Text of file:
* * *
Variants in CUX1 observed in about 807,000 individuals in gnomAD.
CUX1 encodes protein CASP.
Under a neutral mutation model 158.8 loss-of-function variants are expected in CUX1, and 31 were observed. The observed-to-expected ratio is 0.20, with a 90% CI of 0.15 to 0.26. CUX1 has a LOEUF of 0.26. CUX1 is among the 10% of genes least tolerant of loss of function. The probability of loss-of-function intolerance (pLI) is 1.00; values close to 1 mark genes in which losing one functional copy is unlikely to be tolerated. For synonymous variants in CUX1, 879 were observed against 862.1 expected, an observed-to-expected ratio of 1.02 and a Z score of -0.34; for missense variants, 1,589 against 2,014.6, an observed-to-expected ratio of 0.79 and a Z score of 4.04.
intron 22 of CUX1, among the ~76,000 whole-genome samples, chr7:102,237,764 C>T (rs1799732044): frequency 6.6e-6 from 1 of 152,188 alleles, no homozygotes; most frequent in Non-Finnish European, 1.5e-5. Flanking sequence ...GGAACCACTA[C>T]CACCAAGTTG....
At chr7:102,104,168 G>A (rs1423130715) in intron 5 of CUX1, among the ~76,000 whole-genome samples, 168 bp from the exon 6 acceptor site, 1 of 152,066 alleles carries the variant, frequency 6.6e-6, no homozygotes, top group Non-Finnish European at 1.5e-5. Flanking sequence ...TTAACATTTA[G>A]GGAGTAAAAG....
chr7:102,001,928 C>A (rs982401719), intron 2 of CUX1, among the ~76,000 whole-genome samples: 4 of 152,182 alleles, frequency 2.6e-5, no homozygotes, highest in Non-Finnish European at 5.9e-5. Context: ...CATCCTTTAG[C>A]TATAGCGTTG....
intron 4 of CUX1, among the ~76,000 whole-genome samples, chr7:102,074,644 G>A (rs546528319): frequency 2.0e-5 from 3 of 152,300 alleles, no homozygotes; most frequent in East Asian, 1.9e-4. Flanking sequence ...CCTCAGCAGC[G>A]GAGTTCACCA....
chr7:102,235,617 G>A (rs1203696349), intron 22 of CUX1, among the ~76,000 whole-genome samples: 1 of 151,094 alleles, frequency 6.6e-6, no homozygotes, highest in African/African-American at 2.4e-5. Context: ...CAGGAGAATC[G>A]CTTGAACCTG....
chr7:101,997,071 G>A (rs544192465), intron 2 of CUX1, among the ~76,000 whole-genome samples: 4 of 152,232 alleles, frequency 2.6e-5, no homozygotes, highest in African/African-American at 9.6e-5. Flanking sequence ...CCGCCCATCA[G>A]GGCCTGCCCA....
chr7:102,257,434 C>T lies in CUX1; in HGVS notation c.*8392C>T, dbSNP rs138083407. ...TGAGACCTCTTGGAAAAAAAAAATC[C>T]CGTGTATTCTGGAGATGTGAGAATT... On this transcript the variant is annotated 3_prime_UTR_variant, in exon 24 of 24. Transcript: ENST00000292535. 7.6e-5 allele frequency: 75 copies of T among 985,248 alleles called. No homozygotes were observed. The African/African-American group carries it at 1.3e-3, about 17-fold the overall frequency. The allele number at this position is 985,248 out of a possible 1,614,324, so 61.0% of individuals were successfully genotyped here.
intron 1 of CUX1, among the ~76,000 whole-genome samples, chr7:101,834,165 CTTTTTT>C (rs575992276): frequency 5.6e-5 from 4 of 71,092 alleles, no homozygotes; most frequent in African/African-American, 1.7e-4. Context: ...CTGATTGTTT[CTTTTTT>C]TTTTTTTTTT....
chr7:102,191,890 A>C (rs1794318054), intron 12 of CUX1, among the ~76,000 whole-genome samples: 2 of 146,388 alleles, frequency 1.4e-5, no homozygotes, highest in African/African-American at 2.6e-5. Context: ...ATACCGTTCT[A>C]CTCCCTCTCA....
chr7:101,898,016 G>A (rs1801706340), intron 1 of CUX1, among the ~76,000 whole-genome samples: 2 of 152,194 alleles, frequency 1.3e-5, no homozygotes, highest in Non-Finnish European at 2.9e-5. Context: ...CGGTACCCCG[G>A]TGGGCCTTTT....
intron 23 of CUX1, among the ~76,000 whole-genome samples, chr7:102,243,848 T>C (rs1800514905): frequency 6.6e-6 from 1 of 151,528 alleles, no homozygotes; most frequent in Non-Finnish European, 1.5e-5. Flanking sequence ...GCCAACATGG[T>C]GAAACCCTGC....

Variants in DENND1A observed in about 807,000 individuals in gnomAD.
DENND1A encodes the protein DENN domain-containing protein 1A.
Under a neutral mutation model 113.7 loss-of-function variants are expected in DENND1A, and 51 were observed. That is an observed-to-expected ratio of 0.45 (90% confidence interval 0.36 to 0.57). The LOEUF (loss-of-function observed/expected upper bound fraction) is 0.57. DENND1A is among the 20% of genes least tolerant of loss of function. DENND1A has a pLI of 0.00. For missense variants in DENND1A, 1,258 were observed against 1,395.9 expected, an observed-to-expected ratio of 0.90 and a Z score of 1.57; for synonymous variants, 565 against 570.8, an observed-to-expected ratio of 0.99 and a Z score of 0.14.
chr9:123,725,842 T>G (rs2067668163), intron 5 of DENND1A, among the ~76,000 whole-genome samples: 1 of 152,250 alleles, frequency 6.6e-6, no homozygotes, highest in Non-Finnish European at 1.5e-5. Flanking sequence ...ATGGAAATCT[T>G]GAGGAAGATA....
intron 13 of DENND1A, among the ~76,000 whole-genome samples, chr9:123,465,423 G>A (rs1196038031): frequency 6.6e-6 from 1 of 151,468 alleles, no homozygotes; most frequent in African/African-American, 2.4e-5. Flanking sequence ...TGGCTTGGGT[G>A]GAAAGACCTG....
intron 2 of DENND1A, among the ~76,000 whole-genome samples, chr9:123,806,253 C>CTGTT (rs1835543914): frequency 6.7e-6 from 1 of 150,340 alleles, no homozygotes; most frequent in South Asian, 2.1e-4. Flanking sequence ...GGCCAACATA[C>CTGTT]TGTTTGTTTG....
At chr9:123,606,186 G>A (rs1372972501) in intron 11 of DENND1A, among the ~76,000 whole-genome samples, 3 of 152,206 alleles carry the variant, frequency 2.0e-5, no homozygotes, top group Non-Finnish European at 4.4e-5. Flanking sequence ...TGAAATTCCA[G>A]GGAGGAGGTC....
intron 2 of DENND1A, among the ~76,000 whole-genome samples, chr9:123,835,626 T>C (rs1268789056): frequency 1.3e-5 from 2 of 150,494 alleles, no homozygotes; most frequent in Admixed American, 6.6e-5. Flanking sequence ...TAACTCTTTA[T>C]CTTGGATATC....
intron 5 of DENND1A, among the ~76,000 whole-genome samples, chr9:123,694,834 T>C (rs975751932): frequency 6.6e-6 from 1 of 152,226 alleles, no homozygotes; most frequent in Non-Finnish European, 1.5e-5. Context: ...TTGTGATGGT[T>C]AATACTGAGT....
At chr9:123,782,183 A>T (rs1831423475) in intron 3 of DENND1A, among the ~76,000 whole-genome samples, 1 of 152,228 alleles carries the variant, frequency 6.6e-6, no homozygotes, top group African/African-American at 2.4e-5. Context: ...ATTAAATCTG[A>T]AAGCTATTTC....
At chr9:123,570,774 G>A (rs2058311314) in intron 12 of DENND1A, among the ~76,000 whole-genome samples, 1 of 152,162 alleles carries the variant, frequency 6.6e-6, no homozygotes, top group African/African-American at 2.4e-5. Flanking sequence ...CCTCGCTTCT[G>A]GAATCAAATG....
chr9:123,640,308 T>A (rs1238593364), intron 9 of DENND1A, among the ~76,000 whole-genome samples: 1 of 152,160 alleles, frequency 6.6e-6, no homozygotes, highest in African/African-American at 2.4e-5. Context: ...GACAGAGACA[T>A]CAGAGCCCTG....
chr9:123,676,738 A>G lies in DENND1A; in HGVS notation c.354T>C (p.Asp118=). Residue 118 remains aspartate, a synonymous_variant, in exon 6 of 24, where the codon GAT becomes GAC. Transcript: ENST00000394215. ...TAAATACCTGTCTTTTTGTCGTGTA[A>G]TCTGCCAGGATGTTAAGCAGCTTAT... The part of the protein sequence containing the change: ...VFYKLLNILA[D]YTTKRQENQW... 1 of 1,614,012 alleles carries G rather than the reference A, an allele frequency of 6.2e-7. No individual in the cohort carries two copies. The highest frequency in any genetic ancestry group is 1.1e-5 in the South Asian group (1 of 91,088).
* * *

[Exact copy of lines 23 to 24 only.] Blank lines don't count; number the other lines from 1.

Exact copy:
intron 5 of DENND1A, among the ~76,000 whole-genome samples, chr9:123,694,834 T>C (rs975751932): frequency 6.6e-6 from 1 of 152,226 alleles, no homozygotes; most frequent in Non-Finnish European, 1.5e-5. Context: ...TTGTGATGGT[T>C]AATACTGAGT....
At chr9:123,782,183 A>T (rs1831423475) in intron 3 of DENND1A, among the ~76,000 whole-genome samples, 1 of 152,228 alleles carries the variant, frequency 6.6e-6, no homozygotes, top group African/African-American at 2.4e-5. Context: ...ATTAAATCTG[A>T]AAGCTATTTC....